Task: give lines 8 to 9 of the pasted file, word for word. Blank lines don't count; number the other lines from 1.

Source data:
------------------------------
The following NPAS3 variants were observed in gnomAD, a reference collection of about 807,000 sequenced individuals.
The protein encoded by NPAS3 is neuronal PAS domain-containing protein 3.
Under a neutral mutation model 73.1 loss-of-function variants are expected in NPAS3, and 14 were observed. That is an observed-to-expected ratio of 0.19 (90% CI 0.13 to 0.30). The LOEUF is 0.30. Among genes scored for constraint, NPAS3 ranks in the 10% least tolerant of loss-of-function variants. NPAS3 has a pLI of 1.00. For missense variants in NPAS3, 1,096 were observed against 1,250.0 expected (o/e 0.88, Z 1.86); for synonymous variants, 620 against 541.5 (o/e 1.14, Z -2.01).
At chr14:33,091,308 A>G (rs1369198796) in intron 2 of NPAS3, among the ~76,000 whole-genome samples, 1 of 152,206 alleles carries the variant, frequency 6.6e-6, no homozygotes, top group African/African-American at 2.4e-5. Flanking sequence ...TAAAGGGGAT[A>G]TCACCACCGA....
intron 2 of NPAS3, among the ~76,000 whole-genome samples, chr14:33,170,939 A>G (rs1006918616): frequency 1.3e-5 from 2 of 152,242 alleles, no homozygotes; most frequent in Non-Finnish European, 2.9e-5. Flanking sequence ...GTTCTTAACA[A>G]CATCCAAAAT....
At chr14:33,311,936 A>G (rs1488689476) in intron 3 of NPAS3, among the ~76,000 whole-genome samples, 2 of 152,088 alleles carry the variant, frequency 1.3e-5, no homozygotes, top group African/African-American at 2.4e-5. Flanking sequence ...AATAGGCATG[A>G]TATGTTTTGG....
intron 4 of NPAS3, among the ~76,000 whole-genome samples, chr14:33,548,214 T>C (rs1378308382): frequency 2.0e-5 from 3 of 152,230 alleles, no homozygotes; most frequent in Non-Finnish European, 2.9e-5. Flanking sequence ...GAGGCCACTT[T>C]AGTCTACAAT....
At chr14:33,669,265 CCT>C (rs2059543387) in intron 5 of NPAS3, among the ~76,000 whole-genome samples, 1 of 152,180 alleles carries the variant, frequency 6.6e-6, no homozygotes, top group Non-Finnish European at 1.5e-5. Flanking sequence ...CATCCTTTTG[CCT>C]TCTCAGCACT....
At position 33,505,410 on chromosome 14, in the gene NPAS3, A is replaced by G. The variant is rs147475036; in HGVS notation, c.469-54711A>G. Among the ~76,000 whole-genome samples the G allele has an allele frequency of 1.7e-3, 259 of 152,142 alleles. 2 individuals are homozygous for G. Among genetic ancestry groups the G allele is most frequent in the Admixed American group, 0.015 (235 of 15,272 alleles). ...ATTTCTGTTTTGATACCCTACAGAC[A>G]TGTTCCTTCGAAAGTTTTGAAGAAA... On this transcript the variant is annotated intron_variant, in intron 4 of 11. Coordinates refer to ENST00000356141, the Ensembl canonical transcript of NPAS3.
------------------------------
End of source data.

At chr14:33,669,265 CCT>C (rs2059543387) in intron 5 of NPAS3, among the ~76,000 whole-genome samples, 1 of 152,180 alleles carries the variant, frequency 6.6e-6, no homozygotes, top group Non-Finnish European at 1.5e-5. Flanking sequence ...CATCCTTTTG[CCT>C]TCTCAGCACT....
At position 33,505,410 on chromosome 14, in the gene NPAS3, A is replaced by G. The variant is rs147475036; in HGVS notation, c.469-54711A>G. Among the ~76,000 whole-genome samples the G allele has an allele frequency of 1.7e-3, 259 of 152,142 alleles. 2 individuals are homozygous for G. Among genetic ancestry groups the G allele is most frequent in the Admixed American group, 0.015 (235 of 15,272 alleles). ...ATTTCTGTTTTGATACCCTACAGAC[A>G]TGTTCCTTCGAAAGTTTTGAAGAAA... On this transcript the variant is annotated intron_variant, in intron 4 of 11. Coordinates refer to ENST00000356141, the Ensembl canonical transcript of NPAS3.